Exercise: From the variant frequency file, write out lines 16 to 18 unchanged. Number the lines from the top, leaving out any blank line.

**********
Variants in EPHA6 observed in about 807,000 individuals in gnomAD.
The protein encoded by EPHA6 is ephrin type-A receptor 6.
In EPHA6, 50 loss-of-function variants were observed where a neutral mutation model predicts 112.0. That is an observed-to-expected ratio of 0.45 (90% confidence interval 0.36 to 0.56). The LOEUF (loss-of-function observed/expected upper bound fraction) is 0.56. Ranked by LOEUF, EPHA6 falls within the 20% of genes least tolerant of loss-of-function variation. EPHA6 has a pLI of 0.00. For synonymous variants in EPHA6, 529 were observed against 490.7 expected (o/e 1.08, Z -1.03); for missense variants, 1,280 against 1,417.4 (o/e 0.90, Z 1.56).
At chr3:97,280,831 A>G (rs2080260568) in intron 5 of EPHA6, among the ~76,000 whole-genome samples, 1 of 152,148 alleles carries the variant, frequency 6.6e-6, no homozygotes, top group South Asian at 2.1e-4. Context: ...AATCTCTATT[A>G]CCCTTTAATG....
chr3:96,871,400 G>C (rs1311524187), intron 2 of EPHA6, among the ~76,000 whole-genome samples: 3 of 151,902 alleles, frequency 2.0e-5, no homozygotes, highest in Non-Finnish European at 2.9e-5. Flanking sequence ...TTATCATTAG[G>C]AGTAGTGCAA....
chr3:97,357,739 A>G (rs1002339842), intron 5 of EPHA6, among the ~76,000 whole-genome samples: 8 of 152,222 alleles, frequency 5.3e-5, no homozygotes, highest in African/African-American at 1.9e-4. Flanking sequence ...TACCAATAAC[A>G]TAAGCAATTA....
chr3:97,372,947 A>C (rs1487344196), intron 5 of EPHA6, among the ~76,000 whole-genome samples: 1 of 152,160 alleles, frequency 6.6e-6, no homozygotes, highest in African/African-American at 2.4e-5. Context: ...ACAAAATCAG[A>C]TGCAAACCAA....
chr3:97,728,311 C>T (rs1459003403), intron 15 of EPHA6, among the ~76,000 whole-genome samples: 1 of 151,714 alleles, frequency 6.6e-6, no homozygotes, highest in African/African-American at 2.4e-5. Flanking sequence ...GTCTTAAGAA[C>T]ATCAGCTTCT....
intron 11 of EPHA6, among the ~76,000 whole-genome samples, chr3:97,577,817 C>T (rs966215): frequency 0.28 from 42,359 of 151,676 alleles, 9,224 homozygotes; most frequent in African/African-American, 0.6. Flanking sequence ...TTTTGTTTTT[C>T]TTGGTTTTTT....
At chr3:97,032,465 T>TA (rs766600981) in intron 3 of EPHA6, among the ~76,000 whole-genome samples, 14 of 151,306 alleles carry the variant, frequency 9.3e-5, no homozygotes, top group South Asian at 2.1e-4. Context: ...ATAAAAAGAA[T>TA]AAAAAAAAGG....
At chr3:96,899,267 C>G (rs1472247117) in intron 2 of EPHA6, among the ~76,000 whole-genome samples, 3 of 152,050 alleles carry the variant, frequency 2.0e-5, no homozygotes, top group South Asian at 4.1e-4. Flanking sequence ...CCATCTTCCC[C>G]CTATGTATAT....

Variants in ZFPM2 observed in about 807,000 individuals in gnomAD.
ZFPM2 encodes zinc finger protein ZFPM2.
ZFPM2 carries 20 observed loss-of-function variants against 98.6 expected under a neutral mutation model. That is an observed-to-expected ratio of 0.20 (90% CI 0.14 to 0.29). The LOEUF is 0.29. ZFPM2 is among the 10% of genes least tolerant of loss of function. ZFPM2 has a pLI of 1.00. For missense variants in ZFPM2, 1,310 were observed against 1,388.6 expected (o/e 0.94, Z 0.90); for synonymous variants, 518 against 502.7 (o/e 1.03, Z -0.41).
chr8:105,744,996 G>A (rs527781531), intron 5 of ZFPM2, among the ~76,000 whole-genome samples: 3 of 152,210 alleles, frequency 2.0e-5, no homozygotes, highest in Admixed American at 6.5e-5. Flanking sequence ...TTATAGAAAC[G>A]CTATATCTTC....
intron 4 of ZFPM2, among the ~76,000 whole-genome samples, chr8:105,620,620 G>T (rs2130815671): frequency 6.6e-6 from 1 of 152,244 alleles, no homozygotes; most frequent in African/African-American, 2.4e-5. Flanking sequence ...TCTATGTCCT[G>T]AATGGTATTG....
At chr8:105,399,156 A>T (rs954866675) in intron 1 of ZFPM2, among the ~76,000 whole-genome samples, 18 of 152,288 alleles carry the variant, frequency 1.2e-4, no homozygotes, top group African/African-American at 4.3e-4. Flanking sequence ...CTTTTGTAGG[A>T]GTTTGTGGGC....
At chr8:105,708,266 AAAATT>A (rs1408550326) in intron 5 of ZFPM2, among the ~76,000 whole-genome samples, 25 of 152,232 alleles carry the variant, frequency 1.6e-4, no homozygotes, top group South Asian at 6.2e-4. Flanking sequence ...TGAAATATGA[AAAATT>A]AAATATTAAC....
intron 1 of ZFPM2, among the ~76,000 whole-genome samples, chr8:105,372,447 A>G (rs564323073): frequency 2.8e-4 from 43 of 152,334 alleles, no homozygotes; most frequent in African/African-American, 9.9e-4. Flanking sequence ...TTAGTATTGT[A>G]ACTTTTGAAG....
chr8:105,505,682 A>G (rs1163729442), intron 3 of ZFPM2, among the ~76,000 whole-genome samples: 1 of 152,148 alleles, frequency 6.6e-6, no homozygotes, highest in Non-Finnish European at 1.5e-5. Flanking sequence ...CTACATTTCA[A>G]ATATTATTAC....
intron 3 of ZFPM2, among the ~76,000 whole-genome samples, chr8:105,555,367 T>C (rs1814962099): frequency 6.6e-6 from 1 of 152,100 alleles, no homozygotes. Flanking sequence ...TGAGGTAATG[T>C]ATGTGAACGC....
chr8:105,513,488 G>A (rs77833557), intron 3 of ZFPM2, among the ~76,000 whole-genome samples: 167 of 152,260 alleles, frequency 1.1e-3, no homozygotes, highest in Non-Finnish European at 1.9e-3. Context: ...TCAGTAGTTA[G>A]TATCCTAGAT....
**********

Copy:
intron 4 of ZFPM2, among the ~76,000 whole-genome samples, chr8:105,620,620 G>T (rs2130815671): frequency 6.6e-6 from 1 of 152,244 alleles, no homozygotes; most frequent in African/African-American, 2.4e-5. Flanking sequence ...TCTATGTCCT[G>T]AATGGTATTG....
At chr8:105,399,156 A>T (rs954866675) in intron 1 of ZFPM2, among the ~76,000 whole-genome samples, 18 of 152,288 alleles carry the variant, frequency 1.2e-4, no homozygotes, top group African/African-American at 4.3e-4. Flanking sequence ...CTTTTGTAGG[A>T]GTTTGTGGGC....
At chr8:105,708,266 AAAATT>A (rs1408550326) in intron 5 of ZFPM2, among the ~76,000 whole-genome samples, 25 of 152,232 alleles carry the variant, frequency 1.6e-4, no homozygotes, top group South Asian at 6.2e-4. Flanking sequence ...TGAAATATGA[AAAATT>A]AAATATTAAC....